12. I personally do not think this is an unethical argument. As long as the donors are healthy and the practices in Russia are up to the same standards as they are in the UK as well as other countries there is no reason to believe this is an unethical practice. I believe the UK is wrong for giving such little compensation to the egg donors which is contributing to the need to even go abroad for this reason. In importing the eggs women can have the comfort of receiving an egg donation in their own country and it is not extensively expensive for them to do so. All terms of beneficence, autonomy and all ethical practices are being fulfill in this instance.
    -Kelsey Petersen

  13. I think that some would argue that shipping eggs and sperm to other countries diminishes the sanctity of life. Some might feel that it is ethically wrong to view eggs and sperm as products rather than genetic entities.

    Another issue that should be taken into account is reproductive rights. If we are shipping off our eggs or sperm can we be sure that it will be used for reproductive purposes only? There is a potential risk that another country could use another person's sperm or eggs for experimentation or organ harvesting.

    I think a benefit of shipping off sperm and eggs is that it provides some with the opportunity for healthier offspring. It allows sperm and eggs from parents of impoverished countries to have, arguably, a better chance of life in a more prosperous nation.

    I think a global benefit of shipping off sperm and eggs is the potential for genetic variability and would provide an enhanced level of diversity. Studies show that populations with more genetic variability are less susceptible to genetic diseases. Thus, we ought to avoid this harm and allow the shipment of eggs and sperm.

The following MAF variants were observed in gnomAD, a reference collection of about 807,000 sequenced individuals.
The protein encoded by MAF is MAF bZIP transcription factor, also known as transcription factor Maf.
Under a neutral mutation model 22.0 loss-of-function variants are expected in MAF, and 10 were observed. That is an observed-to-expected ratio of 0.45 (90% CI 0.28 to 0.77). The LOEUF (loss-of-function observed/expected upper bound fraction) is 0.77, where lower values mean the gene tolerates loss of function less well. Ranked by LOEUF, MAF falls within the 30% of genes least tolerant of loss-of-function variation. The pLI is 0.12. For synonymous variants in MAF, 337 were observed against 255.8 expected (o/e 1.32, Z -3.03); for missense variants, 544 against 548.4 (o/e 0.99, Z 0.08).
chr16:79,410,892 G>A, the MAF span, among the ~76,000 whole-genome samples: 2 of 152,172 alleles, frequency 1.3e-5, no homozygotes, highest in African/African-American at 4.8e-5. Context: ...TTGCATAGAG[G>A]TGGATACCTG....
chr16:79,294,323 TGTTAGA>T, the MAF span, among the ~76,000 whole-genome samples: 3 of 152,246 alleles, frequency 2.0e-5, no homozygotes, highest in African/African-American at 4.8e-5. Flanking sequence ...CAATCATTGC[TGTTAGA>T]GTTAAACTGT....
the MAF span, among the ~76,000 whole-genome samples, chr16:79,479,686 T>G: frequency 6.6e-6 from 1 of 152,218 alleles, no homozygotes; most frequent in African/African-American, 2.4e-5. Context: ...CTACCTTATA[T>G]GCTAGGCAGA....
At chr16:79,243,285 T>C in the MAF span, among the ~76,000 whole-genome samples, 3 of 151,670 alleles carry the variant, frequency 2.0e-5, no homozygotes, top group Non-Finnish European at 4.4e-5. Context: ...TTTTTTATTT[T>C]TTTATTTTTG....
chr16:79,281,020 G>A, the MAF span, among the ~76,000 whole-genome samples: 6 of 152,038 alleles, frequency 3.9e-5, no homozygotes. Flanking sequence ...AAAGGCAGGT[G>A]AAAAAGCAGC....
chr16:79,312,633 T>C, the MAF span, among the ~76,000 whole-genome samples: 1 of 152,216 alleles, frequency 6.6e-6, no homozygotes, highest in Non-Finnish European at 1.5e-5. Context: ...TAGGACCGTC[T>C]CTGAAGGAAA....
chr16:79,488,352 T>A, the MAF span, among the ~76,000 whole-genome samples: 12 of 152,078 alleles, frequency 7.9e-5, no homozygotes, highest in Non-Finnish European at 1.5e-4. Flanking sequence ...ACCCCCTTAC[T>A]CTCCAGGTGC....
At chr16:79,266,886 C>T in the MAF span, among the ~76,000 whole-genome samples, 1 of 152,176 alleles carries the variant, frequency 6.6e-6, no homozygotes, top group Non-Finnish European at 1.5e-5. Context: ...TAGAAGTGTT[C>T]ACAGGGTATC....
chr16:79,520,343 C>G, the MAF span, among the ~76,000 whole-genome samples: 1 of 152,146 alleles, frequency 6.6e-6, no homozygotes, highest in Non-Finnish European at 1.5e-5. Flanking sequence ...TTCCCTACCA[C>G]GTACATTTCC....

-Andrew Schiff

  14. I don't see an ethical issue with this. The egg donors are made fully aware that their details may be released to their biological children in the future and payment is being regulated. If there is a shortage of egg donors in the UK and people are already going abroad to receive treatment, then why not make it more accessible for those who are looking? So long as the payment method in Russia is kept under control and the amounts paid to donors do not get excessively high, then I see no ethical issue with the UK importing eggs from willing donors in other countries
    -Kathryn Papa

  15. I really appreciate the UK's method of accepting donor eggs from Russia. Unlike the United States there is no underlying excessive financial incentive for one to donate their eggs. Therefore, for the most part donation is completely voluntary. However, I do feel like there are some underlying eugenic principles within this case. People seeking eggs know the height, weight, hair and eye color, education, age and ethnic background of the egg donor. This is obviously included to cater to any preferences potential parents may have when choosing an egg. However, it also seems materialistic in the way that parents would choose the best gene pool for their child, with the possibility that these genes may not be inherited or the child turns out nothing like the donor.